The first time I heard the infamous “lo-fi” tag attached to a style of music, I was a little perplexed to say the least. I suppose it stemmed from my inability to define exactly what “lo-fi” really even meant. Was it the hazy singing, the simple percussion and straightforward chord changes? Or was it something having to do with the fact that much of it had the effect of sounding like it was recorded in someone’s basement? I guessed it was a combination of all these elements, and the inevitability of certain musical elitists too eager to coin a new music genre. If I had to call it anything, I’d settle for “basement rock.” Seattle’s Helvetia have been busy crafting just such an album, The Clever North Wind, the perfect soundtrack for rain-soaked afternoons spent idly in the darker corners of your home.
Comprised of San Jose transplants and Duster bandmates Jason Albertini and Canan Amber, and with the help of Adam Howrey (Vells, Fruit Bats), Helvetia maintains the sleepy, recorded-live aesthetic you’ve come to expect from a band dubbed “lo-fi.” Guitars rush in and out like the tide as gauzy vocals prod you with cryptic and mostly indecipherable lyrics. Unusual time signatures will keep you on your toes while an everpresent background buzz will make you think you’re listening to a live recording. Like Yo La Tengo without the tenure or The Sea and Cake on valium, Helvetia emerge from the basement with their laid-back debut of downtempo tunes.
“Songs of The Ancient” kicks things off with a menacing church-organ drone and rampant drum beat. When Albertini’s vocals surface from the depths, they warn of mortality and urban decay: “All around these ghosts are out roaming/ Awaiting inevitable conclusions/…Don’t believe your television.” A minor guitar freak-out and tambourine rustle conclude what will be the album’s only true rock-out. From here on, it’s fuzzy and subdued all the way.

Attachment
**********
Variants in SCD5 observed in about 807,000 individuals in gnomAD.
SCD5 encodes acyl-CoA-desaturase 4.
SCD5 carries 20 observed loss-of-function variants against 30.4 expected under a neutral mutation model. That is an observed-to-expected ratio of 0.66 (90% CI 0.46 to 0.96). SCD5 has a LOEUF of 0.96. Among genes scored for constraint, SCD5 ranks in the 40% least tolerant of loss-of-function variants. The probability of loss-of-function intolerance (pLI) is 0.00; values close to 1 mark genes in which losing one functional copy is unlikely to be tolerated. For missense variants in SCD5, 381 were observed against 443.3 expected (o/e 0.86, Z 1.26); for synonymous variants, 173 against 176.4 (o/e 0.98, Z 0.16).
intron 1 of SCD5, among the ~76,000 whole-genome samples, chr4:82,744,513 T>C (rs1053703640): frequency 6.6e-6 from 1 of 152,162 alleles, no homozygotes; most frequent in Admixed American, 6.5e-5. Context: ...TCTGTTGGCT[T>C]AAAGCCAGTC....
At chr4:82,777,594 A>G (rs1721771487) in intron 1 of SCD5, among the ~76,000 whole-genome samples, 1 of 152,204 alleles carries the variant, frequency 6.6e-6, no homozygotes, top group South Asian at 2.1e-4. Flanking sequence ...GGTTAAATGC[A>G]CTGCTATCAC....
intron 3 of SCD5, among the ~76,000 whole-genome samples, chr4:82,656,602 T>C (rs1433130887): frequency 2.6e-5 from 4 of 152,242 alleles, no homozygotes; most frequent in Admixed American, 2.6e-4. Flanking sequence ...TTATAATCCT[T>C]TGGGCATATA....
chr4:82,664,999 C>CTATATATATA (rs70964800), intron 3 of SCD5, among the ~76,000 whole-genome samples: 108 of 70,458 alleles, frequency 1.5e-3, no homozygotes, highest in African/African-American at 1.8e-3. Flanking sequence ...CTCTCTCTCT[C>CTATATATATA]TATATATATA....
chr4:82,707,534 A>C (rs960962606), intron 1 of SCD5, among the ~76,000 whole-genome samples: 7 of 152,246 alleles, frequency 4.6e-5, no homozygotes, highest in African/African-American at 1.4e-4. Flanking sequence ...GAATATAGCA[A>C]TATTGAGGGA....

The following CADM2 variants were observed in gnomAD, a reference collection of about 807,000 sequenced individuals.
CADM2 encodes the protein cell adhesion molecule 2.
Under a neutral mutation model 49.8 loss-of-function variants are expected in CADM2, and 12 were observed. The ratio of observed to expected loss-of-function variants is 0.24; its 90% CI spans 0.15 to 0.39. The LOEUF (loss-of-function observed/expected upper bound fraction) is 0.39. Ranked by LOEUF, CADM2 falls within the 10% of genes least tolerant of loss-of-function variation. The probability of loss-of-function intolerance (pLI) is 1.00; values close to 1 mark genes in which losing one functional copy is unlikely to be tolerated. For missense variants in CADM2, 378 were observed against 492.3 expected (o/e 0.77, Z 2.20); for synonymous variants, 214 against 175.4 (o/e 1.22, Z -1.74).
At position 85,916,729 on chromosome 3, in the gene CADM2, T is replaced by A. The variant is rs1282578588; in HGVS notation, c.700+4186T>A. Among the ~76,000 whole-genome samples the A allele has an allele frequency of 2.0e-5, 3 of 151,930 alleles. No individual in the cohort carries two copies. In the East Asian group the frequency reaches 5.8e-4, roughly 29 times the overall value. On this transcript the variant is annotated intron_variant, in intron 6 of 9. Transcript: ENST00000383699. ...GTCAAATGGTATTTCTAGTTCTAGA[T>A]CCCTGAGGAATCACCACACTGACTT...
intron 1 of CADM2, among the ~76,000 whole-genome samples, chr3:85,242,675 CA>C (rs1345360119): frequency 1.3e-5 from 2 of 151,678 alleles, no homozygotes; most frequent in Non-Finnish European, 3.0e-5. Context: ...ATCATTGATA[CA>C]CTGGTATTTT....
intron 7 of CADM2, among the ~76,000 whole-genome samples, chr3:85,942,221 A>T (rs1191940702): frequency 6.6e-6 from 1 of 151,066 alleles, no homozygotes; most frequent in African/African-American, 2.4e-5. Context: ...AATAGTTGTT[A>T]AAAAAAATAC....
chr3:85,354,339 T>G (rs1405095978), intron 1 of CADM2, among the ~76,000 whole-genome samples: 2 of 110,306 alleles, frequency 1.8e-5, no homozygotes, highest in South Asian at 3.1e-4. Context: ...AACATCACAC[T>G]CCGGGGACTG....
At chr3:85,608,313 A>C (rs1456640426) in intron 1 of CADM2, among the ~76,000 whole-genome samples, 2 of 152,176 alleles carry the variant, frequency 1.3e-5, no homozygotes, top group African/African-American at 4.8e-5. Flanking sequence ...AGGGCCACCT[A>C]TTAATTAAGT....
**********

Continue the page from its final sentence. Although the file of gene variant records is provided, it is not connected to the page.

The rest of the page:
A death-march drumbeat and surgically precise bassline give “Dead Hands” a morbidity only matched by Albertini’s echoing croon and sea-drenched reverb. The extended instrumental intro of “Gladness” and the cacophonous cymbal crashing and atmospheric vocals of “Dusty Rue” recall the more lavish moments from Broken Social Scene’s You Forgot It In People, but never really soar to the same thrilling crescendos. On the tracks “Voltaire” and “Helvetia,” the album plods when the songs become mired in the sludge of monotonous progressions. The eerily bright distortion and keyboard culling of “The Drowning End” marks a return to form as the album closes.
The Clever North Wind floats with the best when it rides the waves of lo-fi indulgence to somber shores. And while Helvetia may elicit premature yawns on a few tracks, the more rousing numbers keep them adrift with their basement rocking peers.
The Sea And Cake – The Fawn
Guided By Voices – Bee Thousand
Broken Social Scene – You Forgot It In People